Prevent partisan gerrymandering

  • States should establish independent redistricting commissions to determine the boundaries of congressional districts. Several models have been tried in different states in recent years.
  • While there is no single best model, the Brennan Center for Justice, through interviews with more than 100 people involved in state redistricting, has identified a set of best practices to ensure that redistricting commissions remain impartial and effective, including the following:[1]
    • Select commission members from a pool of citizen applicants. The selection process should be initiated with an element of random selection followed by the screening out of prospective members with conflicts of interest and assessment of their fitness for the task.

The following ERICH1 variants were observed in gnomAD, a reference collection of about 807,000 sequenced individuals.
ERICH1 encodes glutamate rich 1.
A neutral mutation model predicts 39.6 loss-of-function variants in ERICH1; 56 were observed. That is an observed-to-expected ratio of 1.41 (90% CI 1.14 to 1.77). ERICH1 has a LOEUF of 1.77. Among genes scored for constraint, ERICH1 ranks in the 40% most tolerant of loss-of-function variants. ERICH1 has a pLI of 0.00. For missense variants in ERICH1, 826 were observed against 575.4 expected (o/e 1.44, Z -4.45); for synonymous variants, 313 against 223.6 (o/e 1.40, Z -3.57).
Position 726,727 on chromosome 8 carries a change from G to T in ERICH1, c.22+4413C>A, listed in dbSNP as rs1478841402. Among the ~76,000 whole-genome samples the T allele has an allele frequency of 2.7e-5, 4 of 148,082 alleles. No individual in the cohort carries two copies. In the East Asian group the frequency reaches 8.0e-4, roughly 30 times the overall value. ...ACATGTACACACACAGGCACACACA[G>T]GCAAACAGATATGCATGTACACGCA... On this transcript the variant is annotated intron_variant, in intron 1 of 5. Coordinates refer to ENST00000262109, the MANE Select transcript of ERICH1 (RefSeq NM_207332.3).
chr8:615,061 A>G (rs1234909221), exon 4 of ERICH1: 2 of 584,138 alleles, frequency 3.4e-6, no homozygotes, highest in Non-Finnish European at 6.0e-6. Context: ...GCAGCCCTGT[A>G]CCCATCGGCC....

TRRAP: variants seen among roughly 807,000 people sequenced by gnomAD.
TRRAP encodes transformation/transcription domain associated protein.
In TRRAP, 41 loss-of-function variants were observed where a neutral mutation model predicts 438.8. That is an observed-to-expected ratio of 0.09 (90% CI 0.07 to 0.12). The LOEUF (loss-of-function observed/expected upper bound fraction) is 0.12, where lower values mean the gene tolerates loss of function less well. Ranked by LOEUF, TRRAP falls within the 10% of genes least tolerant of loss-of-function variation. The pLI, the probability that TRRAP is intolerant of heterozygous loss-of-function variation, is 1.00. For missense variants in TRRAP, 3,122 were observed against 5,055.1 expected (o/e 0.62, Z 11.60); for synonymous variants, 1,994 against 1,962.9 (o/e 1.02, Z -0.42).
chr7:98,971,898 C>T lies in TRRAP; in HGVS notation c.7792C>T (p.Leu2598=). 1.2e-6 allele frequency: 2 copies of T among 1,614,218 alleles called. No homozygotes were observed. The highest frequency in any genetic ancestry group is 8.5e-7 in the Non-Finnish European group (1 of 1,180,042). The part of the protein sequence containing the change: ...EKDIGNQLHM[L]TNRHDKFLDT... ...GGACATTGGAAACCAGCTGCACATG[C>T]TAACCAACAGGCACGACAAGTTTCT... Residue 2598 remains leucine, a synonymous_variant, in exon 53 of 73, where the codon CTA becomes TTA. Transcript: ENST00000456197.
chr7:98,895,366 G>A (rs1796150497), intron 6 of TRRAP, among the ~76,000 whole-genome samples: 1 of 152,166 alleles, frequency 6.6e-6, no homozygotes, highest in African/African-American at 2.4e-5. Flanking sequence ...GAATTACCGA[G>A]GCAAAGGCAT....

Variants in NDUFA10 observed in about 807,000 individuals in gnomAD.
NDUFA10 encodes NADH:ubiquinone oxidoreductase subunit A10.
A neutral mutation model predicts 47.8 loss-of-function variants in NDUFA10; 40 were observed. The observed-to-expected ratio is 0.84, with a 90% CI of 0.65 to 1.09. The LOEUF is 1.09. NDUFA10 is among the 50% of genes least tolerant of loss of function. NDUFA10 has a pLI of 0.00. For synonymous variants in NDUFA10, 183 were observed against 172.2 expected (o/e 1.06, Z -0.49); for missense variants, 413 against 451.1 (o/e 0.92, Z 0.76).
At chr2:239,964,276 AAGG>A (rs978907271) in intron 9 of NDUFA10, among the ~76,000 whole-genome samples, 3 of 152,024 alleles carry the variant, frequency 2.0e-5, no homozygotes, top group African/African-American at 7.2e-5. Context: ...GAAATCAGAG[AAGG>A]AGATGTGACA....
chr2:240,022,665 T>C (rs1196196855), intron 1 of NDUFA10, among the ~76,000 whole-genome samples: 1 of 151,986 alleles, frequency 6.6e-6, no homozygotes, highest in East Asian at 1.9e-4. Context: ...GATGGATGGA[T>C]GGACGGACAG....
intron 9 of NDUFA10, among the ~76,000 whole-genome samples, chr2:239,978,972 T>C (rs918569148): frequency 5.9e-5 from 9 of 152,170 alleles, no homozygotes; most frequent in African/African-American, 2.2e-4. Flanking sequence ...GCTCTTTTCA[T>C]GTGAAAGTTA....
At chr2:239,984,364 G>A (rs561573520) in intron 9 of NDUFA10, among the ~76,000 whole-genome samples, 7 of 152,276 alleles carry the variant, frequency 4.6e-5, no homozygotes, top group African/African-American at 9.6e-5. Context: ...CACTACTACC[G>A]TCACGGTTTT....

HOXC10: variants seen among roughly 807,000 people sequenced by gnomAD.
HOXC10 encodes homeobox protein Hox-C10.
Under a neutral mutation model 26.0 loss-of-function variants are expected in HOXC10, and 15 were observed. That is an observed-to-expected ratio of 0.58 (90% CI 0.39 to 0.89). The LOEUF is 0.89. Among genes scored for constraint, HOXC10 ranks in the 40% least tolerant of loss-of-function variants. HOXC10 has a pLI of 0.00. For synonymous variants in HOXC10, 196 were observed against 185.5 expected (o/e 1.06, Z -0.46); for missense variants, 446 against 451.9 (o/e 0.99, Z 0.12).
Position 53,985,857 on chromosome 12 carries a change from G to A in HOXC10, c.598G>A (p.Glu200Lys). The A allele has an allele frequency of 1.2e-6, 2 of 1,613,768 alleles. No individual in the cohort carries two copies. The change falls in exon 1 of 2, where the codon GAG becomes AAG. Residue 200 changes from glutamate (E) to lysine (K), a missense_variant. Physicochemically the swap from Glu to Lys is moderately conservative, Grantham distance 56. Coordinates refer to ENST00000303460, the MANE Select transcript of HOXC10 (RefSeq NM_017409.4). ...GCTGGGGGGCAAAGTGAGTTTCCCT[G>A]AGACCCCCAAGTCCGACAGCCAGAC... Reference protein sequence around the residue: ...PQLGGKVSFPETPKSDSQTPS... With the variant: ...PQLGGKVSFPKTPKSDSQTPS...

• Include enough members on the commission to represent geographic and demographic diversity of the state (the Brennan Center recommends 9-15 members).
    • The commission should establish clear rules and priorities for redistricting before beginning the map-drawing process, maximizing transparency surrounding process and results. The commission should hold public hearings on the proposed redistricting map before finalizing it.
    • The criteria commissions should consider when drawing a map should include equality of district populations, protection against minority vote dilution, avoidance of racial gerrymandering and partisan gerrymandering, geographical contiguity and compactness, and considerations of fairness and competitiveness, among others.[2]
    • The final map should be approved through a consensus mechanism that incentivizes compromise. For example, the commission could require that a map receive a certain number of votes of approval from each major political bloc represented in the commission.

[1]“Redistricting Commissions: What Works,” Brennan Center for Justice, July 24, 2018,

[2]“Designing Independent Redistricting Commissions,” Campaign Legal Center, July 17, 2018,